At a time when many nations are still debating the proper demployment of technology for traffic management and safety on the roads, Britain has shown that proper use of cameras can significantly lower casualties. This proves that the hesitant utilisation of technologies needs to be replaced with focused strategies on an urgent basis.
Deployed as a part of a research-based road safety strategy, the technology has helped to reduce deaths and injuries significantly year on year. According to the Department for Transport (‘Transport Statistics, Great Britain 2011’), 1850 people had died and 22,660 seriously injured on Britain’s roads in 2010. Ten years earlier, these figures were almost double.
Road safety practitioners, including police officers, police staff and local government employees, have access to a range of enforcement technology which has evolved considerably over recent years. This technology consisting of fixed spot, red-light, mobile safety cameras and average speed camera systems, has been highly successful in affecting driver behaviour. That has resulted in lowering vehicle speeds and reducing road casualties.
The various types of enforcement technology are tools in the road casualty reduction ‘toolbox.’ The ongoing casualty and collision monitoring allows practitioners to use the correct tool to tackle a particular problem effectively. A study, ‘The Effectiveness of Speed Cameras – A Review of Evidence’, conducted by independent transport researcher Professor Richard Allsop in 2010 showed that if safety cameras were to be removed from Britain’s roads, a staggering 800 more people would have been killed or seriously injured each year.
Once in use, the safety cameras deter drivers from speeding and carrying out other dangerous activities behind the wheel. The defaulters detected by a camera face a fine of £60 and three driving licence penalty points. In case their offences are particularly excessive, their cases are sent to the courts. The threat of these repercussions has a significant impact on driver behaviour. Apart from reducing road casualties, safety cameras bring about a reduction in the average speeds, maintain traffic flow, assist in the reduction of CO2 emissions and improve the citizen well-being in general.
Enforcement Technology in use in Britain
Spot fixed safety cameras target a particular ‘spot’ on the routes that have a history of casualties and are effective in altering the driving behaviour in the vicinity of the camera. Traditionally, the technology used wet film but it is now being gradually replaced with digital alternatives.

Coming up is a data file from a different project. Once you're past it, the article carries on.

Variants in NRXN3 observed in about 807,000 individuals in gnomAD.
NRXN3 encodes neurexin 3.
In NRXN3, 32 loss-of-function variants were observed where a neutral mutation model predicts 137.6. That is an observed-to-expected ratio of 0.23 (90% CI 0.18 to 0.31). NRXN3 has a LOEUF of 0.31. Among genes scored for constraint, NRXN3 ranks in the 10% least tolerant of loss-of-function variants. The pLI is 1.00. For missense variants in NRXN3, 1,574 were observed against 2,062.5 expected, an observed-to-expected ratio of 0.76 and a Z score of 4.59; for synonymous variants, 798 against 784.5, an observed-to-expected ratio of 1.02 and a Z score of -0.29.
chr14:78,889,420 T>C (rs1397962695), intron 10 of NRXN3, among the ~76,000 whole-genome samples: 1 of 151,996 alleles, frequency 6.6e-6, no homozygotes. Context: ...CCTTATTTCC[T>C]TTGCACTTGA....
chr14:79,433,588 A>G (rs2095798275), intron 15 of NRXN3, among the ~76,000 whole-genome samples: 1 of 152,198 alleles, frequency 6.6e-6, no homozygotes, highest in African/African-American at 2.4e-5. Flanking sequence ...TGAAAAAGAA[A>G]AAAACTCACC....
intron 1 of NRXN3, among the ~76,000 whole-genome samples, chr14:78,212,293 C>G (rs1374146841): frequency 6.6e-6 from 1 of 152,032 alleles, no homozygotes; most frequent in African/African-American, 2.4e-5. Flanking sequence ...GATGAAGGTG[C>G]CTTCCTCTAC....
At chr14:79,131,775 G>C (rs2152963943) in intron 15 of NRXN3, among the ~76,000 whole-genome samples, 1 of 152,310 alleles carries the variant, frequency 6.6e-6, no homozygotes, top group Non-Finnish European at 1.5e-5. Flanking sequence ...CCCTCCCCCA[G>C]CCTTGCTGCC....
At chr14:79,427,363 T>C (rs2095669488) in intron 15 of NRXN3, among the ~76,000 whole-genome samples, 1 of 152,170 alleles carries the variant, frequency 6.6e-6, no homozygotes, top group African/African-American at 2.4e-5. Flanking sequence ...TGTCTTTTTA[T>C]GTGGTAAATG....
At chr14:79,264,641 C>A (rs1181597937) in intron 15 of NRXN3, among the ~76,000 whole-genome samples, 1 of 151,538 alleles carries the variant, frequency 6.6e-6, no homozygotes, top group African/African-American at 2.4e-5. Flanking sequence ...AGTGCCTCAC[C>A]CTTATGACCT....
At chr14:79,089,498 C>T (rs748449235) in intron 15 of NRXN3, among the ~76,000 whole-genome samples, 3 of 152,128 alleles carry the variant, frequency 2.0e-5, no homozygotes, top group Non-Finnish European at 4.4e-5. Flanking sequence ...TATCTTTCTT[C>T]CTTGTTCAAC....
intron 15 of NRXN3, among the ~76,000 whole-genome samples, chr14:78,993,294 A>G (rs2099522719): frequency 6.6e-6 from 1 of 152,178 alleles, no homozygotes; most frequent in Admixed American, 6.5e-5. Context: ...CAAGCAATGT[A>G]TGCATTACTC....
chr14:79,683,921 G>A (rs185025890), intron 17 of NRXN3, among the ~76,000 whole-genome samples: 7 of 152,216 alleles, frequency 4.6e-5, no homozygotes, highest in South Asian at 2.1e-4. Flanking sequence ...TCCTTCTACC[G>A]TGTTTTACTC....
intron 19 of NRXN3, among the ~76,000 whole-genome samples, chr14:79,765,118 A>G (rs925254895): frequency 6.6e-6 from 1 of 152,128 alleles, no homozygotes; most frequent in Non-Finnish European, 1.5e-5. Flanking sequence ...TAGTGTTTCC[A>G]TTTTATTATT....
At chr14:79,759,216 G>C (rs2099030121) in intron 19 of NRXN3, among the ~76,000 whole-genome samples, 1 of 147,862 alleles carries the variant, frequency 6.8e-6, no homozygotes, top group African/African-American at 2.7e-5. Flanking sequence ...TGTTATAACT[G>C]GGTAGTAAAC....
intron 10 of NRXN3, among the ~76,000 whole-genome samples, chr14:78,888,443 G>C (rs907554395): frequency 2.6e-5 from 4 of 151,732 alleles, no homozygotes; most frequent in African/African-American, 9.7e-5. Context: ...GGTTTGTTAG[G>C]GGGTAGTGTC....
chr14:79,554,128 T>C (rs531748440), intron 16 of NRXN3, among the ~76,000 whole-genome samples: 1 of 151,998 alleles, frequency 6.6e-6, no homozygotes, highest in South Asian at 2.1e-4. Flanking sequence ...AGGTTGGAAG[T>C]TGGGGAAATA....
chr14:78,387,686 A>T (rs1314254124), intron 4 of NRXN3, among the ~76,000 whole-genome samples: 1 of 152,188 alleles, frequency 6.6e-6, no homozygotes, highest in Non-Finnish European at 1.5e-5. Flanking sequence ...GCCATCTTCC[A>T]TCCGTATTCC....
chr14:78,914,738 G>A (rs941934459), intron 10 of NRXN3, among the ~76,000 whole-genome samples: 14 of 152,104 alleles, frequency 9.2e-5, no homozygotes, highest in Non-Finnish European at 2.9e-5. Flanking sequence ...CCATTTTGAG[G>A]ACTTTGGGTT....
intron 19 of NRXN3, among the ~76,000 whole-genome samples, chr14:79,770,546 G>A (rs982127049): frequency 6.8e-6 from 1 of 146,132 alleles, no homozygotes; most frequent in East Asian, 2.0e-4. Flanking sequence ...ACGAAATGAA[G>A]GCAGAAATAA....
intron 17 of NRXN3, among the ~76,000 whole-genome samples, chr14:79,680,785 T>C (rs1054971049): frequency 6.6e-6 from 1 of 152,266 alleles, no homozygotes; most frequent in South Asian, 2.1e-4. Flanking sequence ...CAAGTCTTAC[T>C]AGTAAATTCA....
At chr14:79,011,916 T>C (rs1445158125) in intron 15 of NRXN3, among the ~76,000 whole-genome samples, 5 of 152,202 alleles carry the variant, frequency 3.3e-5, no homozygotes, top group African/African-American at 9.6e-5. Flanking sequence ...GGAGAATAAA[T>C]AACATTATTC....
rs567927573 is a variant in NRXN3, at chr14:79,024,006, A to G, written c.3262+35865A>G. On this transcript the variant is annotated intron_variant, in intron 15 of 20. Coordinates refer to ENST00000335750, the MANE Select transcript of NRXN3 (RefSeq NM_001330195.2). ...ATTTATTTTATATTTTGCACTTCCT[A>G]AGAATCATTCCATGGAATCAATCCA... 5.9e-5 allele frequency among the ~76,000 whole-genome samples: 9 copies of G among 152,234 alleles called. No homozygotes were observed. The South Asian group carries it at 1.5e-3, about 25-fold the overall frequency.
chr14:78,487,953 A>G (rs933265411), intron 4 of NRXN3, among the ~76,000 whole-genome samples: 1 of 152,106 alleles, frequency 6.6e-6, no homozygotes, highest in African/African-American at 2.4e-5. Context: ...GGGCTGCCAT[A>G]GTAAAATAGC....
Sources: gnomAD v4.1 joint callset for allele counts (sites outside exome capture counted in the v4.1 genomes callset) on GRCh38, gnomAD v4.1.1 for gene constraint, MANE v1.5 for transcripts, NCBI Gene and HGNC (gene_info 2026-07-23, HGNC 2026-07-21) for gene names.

The speed of the subject vehicle is assessed by various methods – radar, sub-surface vehicle sensors or laser. Radar systems, commonly called across-the-road radar, use a continuous wave radar beam set at a fixed angle to the road. The subject vehicle travels through the beam causing a Doppler shift to be imparted on the signal that is proportional to the vehicle speed. The speed is assessed many times; each needing to agree within close limits to assure no anomalous readings is acquired. Once the system has decided the speed is correct and faster than a pre-set threshold, a photographic record is made of the vehicle details and the speed recorded.
A laser system will use well established statistical techniques to assess the speed of a subject vehicle as it travels past a fixed spot in the road. The statistical techniques employed by laser systems provide a high degree of assurance that the speed is correct before it is declared valid triggering photographic records similar to those in the radar system.
Sub-surface sensors can be used to assess vehicle speed in place of radar or laser. It is common for two or three sub-surface sensors to be placed at right-angles to the vehicle path at a fixed and known distance. As the vehicle passes over the sensor, pulses are returned to the speedmeter system that are stored and timed. The time between the pulses is used with the distance between the sensors to calculate the speed of the vehicle by a distance/time formula. In common with other speedmeters, the speed is assessed on more than one occasion. For instance, between sensor 1 to 2 and then sensor 2 to 3, the results will be compared and will be required to be close to the same value.
Unattended speedmeters used in the UK are required to have a second form of speed measurement to verify the primary method because it is improbable that a fault in the primary method will give an error that is the same error as a fault in the secondary measurement. The secondary method gives a high degree of assurance that the primary method has performed accurately and as expected at the time of the speed measurement. In this way, the speeds produced by an unattended speedmeter require no witness at the scene or at the time of the incident.